Mrs Mary Irvine's (nee Halpin) wedding dress c.1860

Contributed by: Manning Valley Historical Society

Mary Irvine's (nee Halpin)  Wedding gown (front view) side view
  • Australian dress register ID:

  • Owner:

    Manning Valley Historical Society
  • Date range:

  • Place of origin:

    Dingo Creek, Manning River, New South Wales, Australia
  • Gender:

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Object information

Significance statement

This well provenanced wedding gown, which is linked to many well known Manning Valley families, dates back to 1860. It is beautiful in its simplicity but clever in its practical design. It appears to have been handmade by a young Irish Catholic migrant, a lady who was preparing to become a mother but would be required to renounce her religion in order to marry the father of the child.

There would have been immense social pressure on the couple through the courtship period and up until the nuptials. The marriage ceremony itself was conducted outside both of the couple's faiths, which would be less than ideal, especially for a devout Presbyterian family such as David Irvine's. The Anglican Minister may have been necessary to speed up the nuptials (due to pregnancy) if the Presbyterian Minister was unable to attend within a short time frame and this was often the case for clergy when servicing outlying rural properties.

In the following years, Mary Irvine's marital religious conversion obviously maintained a happy marriage that went on to produce six children in total and the Irvine's became pillars of the Manning Valley community. However, it is apparent through family stories and her final burial that the religious conversion may have in fact been personally painful and that she never truly converted.

When this gown is compared against her daughter-in-law Rebecca's wedding gown (ADR #415), it is clear that the struggles and savings that David and Mary Irvine endured to build their prosperity over four decades was to be later enjoyed by their son Thomas. Not only did he inherit the property 'Wombateena' and build a new homestead but he married the daughter from a prominent Manning Valley family- the Summerville's. The Rebecca Irvine (nee Summerville) gown is indeed lavish and is a gown made to be worn on one special day, whereas Mary's was simple, practical and made to be worn frequently after the wedding as a 'Sunday best'. Thomas's wife Rebecca had the luxury of being able to afford to lay her special gown away to be passed down through the generations.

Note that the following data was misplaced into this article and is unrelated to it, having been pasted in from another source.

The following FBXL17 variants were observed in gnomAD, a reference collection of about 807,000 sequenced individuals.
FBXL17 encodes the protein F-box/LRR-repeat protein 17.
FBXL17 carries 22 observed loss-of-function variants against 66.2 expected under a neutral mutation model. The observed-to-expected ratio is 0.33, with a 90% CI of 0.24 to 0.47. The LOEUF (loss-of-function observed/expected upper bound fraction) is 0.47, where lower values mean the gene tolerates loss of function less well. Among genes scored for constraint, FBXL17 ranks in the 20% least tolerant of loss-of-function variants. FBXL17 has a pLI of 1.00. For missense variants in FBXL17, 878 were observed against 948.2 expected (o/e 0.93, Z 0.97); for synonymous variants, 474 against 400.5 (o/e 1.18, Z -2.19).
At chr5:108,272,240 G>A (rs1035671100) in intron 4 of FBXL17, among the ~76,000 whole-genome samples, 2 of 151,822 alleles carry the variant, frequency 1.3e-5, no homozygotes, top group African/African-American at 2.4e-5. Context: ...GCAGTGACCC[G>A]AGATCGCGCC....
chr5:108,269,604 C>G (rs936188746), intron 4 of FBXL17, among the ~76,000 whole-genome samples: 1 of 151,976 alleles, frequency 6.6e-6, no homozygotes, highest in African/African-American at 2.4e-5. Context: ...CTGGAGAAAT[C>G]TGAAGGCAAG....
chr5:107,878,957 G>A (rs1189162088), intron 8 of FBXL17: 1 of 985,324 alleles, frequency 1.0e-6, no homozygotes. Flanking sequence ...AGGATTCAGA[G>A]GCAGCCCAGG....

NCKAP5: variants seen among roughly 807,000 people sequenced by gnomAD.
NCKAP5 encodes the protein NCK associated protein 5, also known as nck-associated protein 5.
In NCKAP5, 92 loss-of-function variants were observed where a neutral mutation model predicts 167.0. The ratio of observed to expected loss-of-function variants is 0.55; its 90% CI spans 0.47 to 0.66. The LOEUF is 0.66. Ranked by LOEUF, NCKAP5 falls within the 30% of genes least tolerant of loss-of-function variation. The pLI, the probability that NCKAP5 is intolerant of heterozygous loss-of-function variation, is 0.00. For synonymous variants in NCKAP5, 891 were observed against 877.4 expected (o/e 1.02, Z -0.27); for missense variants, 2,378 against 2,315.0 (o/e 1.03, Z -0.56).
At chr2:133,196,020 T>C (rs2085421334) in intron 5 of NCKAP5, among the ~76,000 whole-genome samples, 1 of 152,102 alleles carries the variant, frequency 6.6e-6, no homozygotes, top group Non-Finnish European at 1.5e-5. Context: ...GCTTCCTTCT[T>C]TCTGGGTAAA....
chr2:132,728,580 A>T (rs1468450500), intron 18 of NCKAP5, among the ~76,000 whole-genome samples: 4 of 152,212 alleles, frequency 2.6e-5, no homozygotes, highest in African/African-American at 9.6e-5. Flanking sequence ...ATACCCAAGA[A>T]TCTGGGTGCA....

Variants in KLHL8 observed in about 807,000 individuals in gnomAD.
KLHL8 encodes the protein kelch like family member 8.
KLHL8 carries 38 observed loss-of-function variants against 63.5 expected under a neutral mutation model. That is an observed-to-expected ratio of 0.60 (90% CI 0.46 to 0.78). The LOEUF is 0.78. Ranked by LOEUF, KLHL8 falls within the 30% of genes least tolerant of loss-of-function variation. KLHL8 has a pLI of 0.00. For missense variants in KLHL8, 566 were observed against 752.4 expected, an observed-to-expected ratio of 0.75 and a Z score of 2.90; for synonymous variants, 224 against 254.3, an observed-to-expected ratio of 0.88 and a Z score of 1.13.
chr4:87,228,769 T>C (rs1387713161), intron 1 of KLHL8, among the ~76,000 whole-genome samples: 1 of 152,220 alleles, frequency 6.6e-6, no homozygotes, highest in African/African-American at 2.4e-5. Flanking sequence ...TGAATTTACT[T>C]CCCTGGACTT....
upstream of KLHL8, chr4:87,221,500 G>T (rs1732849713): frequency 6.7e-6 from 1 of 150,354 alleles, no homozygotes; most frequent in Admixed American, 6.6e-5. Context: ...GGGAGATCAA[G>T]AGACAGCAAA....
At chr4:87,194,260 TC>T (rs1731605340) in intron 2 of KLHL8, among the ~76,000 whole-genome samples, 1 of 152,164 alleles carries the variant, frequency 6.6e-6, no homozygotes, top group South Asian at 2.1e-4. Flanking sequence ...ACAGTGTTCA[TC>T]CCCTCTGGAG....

This wedding gown continues to be important for aesthetic, social and spiritual examination.

Manning Valley Historical Society would like to thank the Great Lakes Historical Society for allowing this garment to be recorded on the ADR for future generations.

Author: Marsha Rennie, 28/8/12.


A one piece full length wedding gown made of coffee brown shot silk taffeta with royal blue undertones. On the face of it, it would appear a simply structured tea gown of its period to be worn without a corset. The gown is modestly trimmed with fine gold silk fringing on the cuffs of the long sleeves and down both sides of the centre front panel. This decorative centre front panel runs from the shoulder seams diagonally down towards the waistline forming a triangular shape which flatters the waist. It has seven copper coloured painted metal shank buttons running down the centre of this panel. At the waist is a fine band of piping before falling into a full gathered skirt with 'organ' pleating. The dress is fully lined with unbleached cotton. The dress has twelve original brass hooks with hand worked eyelets on the rear of the bodice and appears to be missing a back skirt extension or train which would have covered the remaining rear of the 81cm opening that doesn't have a fastening method. The gown would have been worn with petticoats. It has a small hat made of brown and cream velvets with a lace train to cover the hair worn in a bun. The lace on the hat may have co-ordinated with a lace collar which would have traditionally be worn with such a dress.

The real mystery and design discovery was uncovered when the bodice was turned over and two cotton binding tape edged slots with brass hook and eyes were found over the breasts. There was also evidence of liquid staining on the lining due to possible lactation. From the front of bodice access to the breast was gained by moving the fringed panel to the side where the closure is revealed.